|BIGOT-CLIVOT, AURELIE - Universite De Reims Champagne-Ardenne|
|PALOS, MELISSA - Hopital Maison Blanche|
|LEPOUTRE, ALEXANDRA - Universite De Reims Champagne-Ardenne|
|BASTEIN, FANNY - Universite De Reims Champagne-Ardenne|
|BONNARD, ISABELLE - Universite De Reims Champagne-Ardenne|
|VILLENA, ISABELLE - Hopital Maison Blanche|
|AUBERT, DOMINIQUE - Hopital Maison Blanche|
|GEFFARD, OLIVIER - Institut National De Recherche En Sciences Et Technologies Pour L'Environnement Et L'agriculture(ir|
|GEFFARD, ALAIN - Universite De Reims Champagne-Ardenne|
Submitted to: Water Research
Publication Type: Peer Reviewed Journal
Publication Acceptance Date: 7/4/2016
Publication Date: 7/22/2016
Citation: Bigot-Clivot, A., Palos, M.L., Lepoutre, A., Bastein, F., Bonnard, I., Dubey, J.P., Villena, I., Aubert, D., Geffard, O., Geffard, A. 2016. Bioaccumulation of Toxoplasma and Cryptosporidium by the crustacean Gammarus fossarum: involvement in biomonitoring survey and trophic transfer. Water Research. 133:188-194.
Interpretive Summary: Toxoplasmosis, caused by the single celled parasite, Toxoplasma gondii, continues to be a public health problem worldwide. This parasites infects all warm-blooded hosts, including humans. It causes mental retardation and loss of vision in children, and abortion in livestock. The ingestion of food and water contaminated with resistant stage of the parasite, the oocyst, is now considered a major mode of transmission of this parasite. Of all the hosts infected, only cats are known to excrete oocysts in feces. Cats can excrete millions of oocysts after eating an infected prey, such as a mouse or a bird. Oocysts can survive outdoors for months. Epidemiological studies that both fresh and marine waters can be contaminated with oocysts. Mollusks can concentrate oocysts in their body and humans and animals can then become infected if they consume raw mollusks. Bivalves have been proposed as a natural filtration alternative for the detection of oocysts in water as they can and retain parasites, bacteria, and viruses for an extended period of time. In this study, the authors examined the use of fresh water crustacean to accumulate T. gondii. The fresh water crustacean, Gammarus fossarum, were exposed to different concentrations of oocysts. DNA detection of T. gondii oocysts was carried out using TaqMan real-time PCR. After 5 days of depuration, T. gondii oocysts were still present in gammarids indicating the integrative nature of G. fossarum. These results show for the first time that a freshwater crustacean is able to bioaccumulate T. gondii oocysts suggesting that Gammarus fossarum is a potential effective bioindicator of protozoan contamination in biomonitoring studies. These results will be of interest to biologists, parasitologists, and epidemiologists.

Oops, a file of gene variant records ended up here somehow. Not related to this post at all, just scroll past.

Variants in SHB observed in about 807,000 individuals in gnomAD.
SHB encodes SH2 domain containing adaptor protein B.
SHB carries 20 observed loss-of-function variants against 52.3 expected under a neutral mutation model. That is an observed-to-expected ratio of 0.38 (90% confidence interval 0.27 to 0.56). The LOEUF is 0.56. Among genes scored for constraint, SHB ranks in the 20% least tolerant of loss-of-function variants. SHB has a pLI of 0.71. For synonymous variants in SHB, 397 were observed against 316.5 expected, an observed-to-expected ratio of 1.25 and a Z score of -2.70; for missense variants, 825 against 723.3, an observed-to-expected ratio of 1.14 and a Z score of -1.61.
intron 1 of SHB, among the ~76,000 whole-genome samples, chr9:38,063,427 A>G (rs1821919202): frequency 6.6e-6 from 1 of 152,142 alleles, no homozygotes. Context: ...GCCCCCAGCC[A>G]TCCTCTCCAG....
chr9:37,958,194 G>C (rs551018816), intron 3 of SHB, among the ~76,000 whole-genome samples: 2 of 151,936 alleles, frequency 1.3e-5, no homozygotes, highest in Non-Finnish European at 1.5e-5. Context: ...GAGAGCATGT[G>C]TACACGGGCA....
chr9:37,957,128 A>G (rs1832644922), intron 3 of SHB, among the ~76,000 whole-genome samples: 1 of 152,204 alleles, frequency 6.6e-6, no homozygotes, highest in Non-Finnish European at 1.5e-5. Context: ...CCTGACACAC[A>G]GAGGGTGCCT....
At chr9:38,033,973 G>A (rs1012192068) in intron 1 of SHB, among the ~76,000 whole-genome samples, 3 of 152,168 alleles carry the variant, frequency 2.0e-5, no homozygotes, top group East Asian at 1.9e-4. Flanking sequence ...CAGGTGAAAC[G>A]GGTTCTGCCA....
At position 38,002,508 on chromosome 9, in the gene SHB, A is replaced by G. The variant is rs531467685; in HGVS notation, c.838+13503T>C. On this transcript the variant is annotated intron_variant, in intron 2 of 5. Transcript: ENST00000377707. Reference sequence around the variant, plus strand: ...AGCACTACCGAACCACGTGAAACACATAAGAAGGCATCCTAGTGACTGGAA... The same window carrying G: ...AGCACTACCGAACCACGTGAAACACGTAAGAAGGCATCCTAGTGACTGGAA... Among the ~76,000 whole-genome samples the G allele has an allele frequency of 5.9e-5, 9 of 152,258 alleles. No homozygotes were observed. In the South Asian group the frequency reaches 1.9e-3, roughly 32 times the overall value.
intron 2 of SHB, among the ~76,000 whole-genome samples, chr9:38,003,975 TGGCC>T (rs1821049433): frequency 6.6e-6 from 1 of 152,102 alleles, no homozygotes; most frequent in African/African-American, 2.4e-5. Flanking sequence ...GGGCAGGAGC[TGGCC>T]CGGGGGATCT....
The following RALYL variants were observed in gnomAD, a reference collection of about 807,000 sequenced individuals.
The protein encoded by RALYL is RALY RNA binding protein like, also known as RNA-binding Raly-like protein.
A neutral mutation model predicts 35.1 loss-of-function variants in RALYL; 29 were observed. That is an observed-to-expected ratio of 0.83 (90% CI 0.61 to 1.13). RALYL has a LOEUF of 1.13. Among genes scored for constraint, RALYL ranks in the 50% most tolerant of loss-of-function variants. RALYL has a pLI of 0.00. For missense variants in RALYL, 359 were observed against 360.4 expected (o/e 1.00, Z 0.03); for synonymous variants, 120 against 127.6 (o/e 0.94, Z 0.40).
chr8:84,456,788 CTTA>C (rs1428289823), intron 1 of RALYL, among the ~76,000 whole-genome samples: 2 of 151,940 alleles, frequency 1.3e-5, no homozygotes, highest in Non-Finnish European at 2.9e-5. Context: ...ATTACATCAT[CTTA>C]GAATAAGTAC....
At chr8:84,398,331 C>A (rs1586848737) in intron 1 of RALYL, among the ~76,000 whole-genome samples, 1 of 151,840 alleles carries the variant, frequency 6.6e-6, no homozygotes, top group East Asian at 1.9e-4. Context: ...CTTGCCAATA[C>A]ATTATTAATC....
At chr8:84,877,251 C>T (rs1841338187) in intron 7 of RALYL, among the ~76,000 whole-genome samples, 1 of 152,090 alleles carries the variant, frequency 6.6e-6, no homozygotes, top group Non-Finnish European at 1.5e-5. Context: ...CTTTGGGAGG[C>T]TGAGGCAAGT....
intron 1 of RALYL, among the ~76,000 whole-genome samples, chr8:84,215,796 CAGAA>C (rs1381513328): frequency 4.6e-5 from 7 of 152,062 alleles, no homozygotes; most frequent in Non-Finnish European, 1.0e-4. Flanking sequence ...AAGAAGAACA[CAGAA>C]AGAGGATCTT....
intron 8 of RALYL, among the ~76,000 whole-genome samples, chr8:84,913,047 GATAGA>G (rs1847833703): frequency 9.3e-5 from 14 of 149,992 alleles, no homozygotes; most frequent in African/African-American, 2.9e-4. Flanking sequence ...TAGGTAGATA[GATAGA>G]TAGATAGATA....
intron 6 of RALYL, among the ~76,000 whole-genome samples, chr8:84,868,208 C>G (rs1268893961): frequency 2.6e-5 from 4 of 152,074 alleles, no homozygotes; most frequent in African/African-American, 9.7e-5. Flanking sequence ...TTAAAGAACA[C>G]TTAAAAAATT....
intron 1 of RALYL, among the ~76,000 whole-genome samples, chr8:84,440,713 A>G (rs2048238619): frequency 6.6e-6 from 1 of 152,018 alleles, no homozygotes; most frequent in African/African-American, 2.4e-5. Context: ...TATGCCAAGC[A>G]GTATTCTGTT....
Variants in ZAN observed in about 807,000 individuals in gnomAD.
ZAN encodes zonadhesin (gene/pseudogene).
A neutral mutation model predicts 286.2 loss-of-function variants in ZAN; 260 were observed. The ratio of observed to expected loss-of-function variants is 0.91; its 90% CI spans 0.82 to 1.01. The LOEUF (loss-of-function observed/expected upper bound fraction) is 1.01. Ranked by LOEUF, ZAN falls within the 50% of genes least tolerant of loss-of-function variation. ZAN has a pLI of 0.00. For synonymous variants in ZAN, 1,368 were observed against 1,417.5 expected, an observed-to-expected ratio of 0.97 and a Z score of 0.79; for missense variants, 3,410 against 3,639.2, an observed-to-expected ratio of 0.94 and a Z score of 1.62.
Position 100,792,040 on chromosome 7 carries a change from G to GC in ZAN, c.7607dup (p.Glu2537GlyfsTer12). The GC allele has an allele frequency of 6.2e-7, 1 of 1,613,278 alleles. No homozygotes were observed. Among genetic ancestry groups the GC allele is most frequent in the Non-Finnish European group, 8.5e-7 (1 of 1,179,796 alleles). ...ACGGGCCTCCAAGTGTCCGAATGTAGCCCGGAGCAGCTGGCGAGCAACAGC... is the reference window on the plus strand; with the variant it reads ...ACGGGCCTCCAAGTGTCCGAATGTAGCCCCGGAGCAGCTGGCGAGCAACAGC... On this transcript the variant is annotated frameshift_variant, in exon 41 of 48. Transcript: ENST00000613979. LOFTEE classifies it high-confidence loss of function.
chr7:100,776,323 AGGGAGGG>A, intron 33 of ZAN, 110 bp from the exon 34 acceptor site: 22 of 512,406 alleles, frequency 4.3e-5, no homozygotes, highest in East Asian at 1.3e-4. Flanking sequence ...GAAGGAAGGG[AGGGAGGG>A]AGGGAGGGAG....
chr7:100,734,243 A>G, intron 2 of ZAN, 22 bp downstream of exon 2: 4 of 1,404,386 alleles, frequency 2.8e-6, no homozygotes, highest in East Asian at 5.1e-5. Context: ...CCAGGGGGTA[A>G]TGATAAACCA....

Technical Abstract: The protozoans Toxoplasma gondii and Cryptosporidium parvum are public health priorities and their oocysts can persist in environment for long time. They are present in various watercourses as recreational, surface, drinking, river, and seawater and could interact with organisms. To evaluate the capacity of a freshwater crustacean to accumulate T. gondii and C. parvum oocysts, Gammarus fossarum were exposed to 200; 2,000 and 20,000 oocysts per gammarid and per day during 21 days followed by 5 days of depuration. DNA detection of T. gondii and C. parvum oocysts was carried out using TaqMan real-time PCR. C. parvum DNA was detected in gammarids in only one out of four pools for the higher concentration and after 14-day exposure. However, concerning T. gondii, DNA was detected after 7-days exposure with the two highest concentrations, and from 14-day exposure T. gondii DNA was highlighted in gammarids for all conditions. Between 0 and 14-day, oocyst number detected increased with the exposure time, then a saturation effect was observed between 14 and 21-day for the two highest concentrations. A significant dose-response relationship was observed and the maximum quantity of oocysts detected in gammarid tissues is obtained after exposure to 20,000 oocysts per organism and per day. Thus a mean of 3.26 (± 3), 21.71 (± 15.18) and 17.41 (± 10.89) oocysts were measured by gammarid after 7, 14 and 21 days respectively. After 5 days of depuration, T. gondii oocysts were still present in gammarids indicating the integrative nature of G. fossarum. These results show for the first time that a freshwater crustacean is able to bioaccumulate T. gondii oocysts suggesting that Gammarus fossarum is a potential effective bioindicator of protozoan contamination in biomonitoring studies. Moreover, due to their important position in freshwater food webs, G. fossarum could also play a role in the trophic tranfer of protozoa.